A picture of a British mounted police
Chapter 2

The need for collaboration

However, while it remains essential for each force to act autonomously, such disparity creates challenges of its own. There are obvious reasons why cross-force collaboration is necessary In the fight against crime, for example, when undertaking surveillance operations or policing the road network. Administratively, too, there are gaps within the system that remain open. Writing about professionalism in policing, Lucy D’Orsi, Chief Constable of the British Transport Police, highlighted one such example: “If I was to commit a crime, get arrested and give my details, there is no obvious system check that would flag that I’m a police officer if I didn’t choose to tell them (4)

Recent high-profile cases have again brought these issues into painfully sharp focus.

In a wide-ranging review of the Metropolitan Police, Baroness Casey of Blackstock’s report (5) criticised the inefficacy of vetting procedures, calling on all forces to act:

Vetting standards should be changed with immediate effect to guard against those who intend to abuse the powers of a police officer.

It appears, therefore, there is something of a dichotomy. Police forces need to act both independently and together. In some instances, it is necessary to operate at an inter-force or even national level. In others, maintaining a local approach is optimal. Attempting to square this circle technologically has, however, proved difficult. Top-down initiatives have proven costly and inefficient. A four-year Home Office programme to merge the Police National Computer with the Police National Database into a single system known as NLEDS (National Law Enforcement Data Service) suffered significant delays and cost overruns. Following a reduction in the scope, a National Audit Office report (6) concluded there were numerous failings, further cautioning that it might not be possible for the project to be delivered.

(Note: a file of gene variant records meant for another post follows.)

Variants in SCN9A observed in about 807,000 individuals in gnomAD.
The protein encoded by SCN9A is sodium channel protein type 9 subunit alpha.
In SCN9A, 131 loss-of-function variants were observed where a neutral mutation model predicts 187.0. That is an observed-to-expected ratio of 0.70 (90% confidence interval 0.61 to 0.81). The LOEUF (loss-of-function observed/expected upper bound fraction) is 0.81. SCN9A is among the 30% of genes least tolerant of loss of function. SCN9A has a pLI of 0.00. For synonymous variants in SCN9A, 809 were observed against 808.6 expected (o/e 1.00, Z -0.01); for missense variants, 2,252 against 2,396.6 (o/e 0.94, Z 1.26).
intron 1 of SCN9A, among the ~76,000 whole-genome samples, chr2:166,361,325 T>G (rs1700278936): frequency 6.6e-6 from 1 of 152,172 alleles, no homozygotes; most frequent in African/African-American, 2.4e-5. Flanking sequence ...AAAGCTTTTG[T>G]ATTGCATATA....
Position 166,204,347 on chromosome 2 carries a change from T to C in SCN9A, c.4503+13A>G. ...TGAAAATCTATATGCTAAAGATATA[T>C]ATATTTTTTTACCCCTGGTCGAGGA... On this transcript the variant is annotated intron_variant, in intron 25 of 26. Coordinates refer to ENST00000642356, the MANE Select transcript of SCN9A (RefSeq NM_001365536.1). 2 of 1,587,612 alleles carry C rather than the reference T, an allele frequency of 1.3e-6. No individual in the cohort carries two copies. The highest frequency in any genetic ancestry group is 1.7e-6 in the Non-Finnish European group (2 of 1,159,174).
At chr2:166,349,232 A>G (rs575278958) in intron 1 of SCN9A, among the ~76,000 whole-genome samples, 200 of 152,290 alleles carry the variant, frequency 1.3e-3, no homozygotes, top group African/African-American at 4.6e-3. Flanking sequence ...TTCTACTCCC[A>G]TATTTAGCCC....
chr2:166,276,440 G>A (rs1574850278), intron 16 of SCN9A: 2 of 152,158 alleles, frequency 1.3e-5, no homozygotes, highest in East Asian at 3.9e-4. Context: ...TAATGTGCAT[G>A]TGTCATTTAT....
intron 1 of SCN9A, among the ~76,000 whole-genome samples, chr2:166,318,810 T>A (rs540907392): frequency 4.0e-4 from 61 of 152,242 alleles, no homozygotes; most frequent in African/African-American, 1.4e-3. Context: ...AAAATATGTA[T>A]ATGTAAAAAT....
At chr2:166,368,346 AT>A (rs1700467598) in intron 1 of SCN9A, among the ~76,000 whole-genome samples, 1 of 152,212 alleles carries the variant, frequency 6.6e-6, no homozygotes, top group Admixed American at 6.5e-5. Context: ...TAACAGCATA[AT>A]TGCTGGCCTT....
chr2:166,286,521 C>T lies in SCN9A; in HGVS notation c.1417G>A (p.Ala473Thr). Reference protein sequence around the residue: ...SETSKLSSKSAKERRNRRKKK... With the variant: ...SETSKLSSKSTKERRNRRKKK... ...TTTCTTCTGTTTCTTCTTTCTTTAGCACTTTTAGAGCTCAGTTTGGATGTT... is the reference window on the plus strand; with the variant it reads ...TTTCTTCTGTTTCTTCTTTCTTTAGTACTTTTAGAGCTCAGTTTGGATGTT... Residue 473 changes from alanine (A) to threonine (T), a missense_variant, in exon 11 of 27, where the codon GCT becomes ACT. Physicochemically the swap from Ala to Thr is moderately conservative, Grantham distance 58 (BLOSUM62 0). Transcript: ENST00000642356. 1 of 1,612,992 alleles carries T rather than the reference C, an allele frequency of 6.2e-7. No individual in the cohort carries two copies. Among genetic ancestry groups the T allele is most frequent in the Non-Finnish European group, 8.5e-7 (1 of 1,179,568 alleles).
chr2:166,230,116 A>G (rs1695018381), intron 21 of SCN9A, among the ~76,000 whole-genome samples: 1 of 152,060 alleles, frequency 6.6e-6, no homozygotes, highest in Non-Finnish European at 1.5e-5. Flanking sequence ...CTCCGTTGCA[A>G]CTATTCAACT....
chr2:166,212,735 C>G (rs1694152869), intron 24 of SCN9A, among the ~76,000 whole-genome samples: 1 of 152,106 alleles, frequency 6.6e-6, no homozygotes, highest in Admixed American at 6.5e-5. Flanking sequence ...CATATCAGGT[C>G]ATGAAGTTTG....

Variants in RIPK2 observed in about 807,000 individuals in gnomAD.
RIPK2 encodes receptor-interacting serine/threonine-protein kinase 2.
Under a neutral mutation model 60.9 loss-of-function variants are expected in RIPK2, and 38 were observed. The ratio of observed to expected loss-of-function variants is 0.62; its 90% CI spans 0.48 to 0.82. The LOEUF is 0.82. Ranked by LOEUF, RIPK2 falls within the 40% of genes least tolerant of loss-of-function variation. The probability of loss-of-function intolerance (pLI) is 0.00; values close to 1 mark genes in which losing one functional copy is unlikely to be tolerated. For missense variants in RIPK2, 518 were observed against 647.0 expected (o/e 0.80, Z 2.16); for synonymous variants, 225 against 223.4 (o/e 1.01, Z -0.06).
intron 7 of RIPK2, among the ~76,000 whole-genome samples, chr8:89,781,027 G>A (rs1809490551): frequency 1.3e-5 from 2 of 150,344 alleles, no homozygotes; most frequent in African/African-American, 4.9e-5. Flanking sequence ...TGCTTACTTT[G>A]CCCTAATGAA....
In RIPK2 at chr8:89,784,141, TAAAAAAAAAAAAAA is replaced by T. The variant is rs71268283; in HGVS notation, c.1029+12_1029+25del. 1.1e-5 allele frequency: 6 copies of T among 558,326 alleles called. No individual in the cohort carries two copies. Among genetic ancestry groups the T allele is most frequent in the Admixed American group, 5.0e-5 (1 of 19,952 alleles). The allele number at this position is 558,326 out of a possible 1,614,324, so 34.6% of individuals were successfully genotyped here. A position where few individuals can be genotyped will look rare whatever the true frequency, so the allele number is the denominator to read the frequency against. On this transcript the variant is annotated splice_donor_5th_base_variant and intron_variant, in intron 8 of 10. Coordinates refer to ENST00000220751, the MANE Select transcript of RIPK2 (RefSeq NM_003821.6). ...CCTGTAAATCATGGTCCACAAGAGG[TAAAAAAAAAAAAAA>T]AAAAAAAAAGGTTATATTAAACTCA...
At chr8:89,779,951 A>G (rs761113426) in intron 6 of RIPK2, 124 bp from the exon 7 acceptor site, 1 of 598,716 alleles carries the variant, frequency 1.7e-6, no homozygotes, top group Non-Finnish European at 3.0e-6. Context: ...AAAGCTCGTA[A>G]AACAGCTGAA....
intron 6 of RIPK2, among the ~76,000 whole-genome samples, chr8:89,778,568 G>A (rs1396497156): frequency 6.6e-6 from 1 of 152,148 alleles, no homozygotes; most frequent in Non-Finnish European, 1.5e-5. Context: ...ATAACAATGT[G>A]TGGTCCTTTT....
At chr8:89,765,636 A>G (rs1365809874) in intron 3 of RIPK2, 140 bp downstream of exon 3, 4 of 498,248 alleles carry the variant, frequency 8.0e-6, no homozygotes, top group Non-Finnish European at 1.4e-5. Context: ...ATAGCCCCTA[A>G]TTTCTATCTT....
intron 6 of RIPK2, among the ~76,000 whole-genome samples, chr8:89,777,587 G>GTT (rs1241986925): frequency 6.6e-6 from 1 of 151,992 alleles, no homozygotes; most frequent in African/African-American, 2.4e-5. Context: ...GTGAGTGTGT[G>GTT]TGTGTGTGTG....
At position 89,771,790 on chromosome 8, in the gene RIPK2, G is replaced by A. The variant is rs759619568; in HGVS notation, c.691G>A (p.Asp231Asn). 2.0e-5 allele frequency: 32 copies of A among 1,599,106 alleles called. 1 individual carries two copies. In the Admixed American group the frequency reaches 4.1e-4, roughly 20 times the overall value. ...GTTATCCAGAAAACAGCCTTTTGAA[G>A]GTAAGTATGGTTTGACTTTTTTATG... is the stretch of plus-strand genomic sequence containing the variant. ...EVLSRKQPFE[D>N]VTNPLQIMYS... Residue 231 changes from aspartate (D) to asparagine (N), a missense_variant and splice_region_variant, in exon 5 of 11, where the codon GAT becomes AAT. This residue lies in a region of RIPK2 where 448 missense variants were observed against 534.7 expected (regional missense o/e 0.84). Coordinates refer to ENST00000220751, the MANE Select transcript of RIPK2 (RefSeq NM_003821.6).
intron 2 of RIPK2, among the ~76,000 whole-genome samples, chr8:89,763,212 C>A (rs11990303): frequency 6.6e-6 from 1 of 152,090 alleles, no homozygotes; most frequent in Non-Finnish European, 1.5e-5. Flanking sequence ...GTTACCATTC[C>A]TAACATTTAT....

Image of 2 British police officers in high visibility yellow jacket

Gareth Davies, Comptroller and Auditor General, NAO says:

After a succession of delays, resets, and changes in scope, the cost of the NLEDS programme has increased significantly, and it is still not clear whether the Home Office will be able to deliver the programme before the existing infrastructure becomes obsolete. Fragile technology is limiting the ability of the police and other organisations to carry out their job effectively and ultimately putting the security and safety of the public at risk.

In an ill-fated partnership between the Thames Valley, Sussex and Surrey forces, more than £36 million was spent on an IT project to improve the performance of back-office systems. Having already committed £14.4 million, Thames Valley Police pulled out of the venture with the (then) The police and Crime Commissioner stated he was “totally dissatisfied” with its progress (8)